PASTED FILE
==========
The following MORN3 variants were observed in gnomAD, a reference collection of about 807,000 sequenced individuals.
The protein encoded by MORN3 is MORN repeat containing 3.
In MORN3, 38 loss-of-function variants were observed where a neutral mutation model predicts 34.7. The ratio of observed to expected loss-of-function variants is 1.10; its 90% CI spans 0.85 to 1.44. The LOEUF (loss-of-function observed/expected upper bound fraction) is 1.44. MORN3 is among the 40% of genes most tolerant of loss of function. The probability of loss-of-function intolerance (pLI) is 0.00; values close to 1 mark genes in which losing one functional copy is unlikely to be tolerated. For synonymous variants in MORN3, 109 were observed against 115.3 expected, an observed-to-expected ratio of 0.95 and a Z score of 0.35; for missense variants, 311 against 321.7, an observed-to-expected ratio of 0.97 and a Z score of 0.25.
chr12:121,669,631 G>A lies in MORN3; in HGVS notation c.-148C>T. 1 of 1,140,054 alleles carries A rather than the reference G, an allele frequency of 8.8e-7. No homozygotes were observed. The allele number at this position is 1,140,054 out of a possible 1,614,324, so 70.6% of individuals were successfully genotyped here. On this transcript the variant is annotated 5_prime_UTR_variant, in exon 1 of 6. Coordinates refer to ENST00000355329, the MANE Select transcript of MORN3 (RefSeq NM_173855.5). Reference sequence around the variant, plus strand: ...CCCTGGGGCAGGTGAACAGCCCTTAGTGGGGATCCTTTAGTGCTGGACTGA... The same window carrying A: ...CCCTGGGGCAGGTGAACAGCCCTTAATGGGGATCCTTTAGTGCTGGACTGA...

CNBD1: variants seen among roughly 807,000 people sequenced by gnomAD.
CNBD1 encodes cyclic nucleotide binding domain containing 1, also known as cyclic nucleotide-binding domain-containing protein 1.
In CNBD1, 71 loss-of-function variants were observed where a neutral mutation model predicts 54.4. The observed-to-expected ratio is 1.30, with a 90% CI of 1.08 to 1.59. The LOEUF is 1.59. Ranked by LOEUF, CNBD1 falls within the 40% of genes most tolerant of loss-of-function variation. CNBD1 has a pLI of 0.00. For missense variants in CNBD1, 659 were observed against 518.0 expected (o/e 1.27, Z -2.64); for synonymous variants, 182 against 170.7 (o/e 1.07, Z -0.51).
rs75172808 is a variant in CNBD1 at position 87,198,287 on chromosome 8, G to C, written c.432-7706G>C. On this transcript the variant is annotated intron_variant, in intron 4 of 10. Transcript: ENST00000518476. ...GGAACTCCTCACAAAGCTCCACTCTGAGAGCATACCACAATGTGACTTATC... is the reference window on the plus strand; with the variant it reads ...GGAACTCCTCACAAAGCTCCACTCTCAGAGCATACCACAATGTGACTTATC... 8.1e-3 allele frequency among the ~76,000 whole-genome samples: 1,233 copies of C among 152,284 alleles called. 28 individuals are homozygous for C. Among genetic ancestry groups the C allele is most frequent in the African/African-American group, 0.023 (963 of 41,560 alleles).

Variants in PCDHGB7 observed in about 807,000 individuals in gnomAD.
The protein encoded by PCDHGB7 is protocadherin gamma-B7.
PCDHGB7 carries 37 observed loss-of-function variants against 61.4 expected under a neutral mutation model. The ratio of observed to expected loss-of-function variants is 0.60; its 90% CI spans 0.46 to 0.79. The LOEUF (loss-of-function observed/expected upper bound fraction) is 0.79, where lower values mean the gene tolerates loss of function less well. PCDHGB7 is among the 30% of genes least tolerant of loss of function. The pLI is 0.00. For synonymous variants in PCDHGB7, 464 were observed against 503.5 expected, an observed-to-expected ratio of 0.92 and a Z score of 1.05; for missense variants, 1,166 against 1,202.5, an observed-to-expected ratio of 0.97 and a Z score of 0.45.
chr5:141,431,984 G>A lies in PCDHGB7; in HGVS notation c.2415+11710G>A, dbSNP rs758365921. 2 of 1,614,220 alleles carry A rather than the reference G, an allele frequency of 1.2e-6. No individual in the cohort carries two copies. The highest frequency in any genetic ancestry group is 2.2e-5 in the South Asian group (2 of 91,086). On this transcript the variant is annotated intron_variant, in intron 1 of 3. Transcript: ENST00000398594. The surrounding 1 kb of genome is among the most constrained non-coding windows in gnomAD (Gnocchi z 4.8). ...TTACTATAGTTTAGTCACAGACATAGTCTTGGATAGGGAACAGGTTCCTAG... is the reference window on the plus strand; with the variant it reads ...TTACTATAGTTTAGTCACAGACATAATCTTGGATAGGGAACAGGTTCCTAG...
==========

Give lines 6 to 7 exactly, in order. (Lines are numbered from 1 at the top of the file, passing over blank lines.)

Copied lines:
CNBD1 encodes cyclic nucleotide binding domain containing 1, also known as cyclic nucleotide-binding domain-containing protein 1.
In CNBD1, 71 loss-of-function variants were observed where a neutral mutation model predicts 54.4. The observed-to-expected ratio is 1.30, with a 90% CI of 1.08 to 1.59. The LOEUF is 1.59. Ranked by LOEUF, CNBD1 falls within the 40% of genes most tolerant of loss-of-function variation. CNBD1 has a pLI of 0.00. For missense variants in CNBD1, 659 were observed against 518.0 expected (o/e 1.27, Z -2.64); for synonymous variants, 182 against 170.7 (o/e 1.07, Z -0.51).